Silicon Valleys Quest To Build God And Control Humanity

Silicon Valleys Quest To Build God And Control Humanity

It's a common pastime in Silicon Valley to sit and wonder what kind of world the elite should create. Shift your thinking from a utilitarian philosophy concerned with maximizing charity through efficient greed and long-term philanthropy to a moral framework of benefiting as many people as possible. . That shift, championed by Oxford professor William McCaskill and embodied by disgraced FTX founder and CEO Sam-Banksman Freed, is having a positive impact on the tech industry because its products are not only valuable to society, but They are the most important ever created. .

Critics of techno-optimism and artificial intelligence Timnit Gebru and Emil Torres have attempted to formulate this kind of thinking in a collection of ideas called TSCERAL; And for a long time. At their core, these philosophies hold that the future is filled with exciting and unimaginable wonder, but only if we believe that powerful people face no obstacles in making the world their way. .

No wonder he insists that the glorious end, whether it be the birth of an artificial intelligence god or the eternal happiness of billions of people, is Silicon Valley's hallmark of its evil ways. Not content with controlling the progress of technology and who will benefit, they now want to create an artificial intelligence that can regulate human life at all levels. At the same time, they seek to build institutions and systems that strengthen them as they shape and guide how people experience politics, social life, the economy, and culture.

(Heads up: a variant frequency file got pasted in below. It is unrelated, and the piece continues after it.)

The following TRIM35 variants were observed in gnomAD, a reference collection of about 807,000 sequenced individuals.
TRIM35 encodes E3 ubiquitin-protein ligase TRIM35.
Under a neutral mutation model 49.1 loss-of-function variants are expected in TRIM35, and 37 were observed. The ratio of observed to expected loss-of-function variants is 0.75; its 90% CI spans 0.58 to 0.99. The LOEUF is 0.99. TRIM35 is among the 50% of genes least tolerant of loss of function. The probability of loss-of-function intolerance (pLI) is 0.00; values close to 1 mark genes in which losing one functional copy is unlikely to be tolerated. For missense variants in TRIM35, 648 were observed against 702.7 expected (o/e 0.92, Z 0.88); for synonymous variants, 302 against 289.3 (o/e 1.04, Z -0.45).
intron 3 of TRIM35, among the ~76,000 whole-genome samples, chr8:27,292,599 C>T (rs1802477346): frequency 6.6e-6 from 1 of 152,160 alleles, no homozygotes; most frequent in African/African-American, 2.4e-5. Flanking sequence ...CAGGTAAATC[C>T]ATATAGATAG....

I am interested in two directions. transhumanists waiting for the next technological craze, amply represented by Google engineering director Ray Kurzweil; And the branch represented by Marc Andreessen and other venture capitalists who burn capital to develop and buy infrastructure, markets and regulations that may limit their innovation.

For Kurzweil and his team, the time comes when computing power eludes our ability to predict or control what they call the "singularity." Kurzweil believes that by 2045, our world will change dramatically as our bodies and souls transcend human borders. We will become immortal, bring back our loved ones, cure the physical and social ills that plague our bodies and communities, colonize the stars, and essentially merge with or replace the machine. We are about to enter the age of intelligent machines.

Some of the most interesting analyzes of this utopian, techno-enlightened mindset come from Megan O'Gibbin, a transhumanist-turned-Christian tech critic like myself. In his essay "The Ghost in the Cloud," Ogiblin connects Christian theology with the transcendental humanism of Kurzweil and influential Silicon Valley investors and entrepreneurs.

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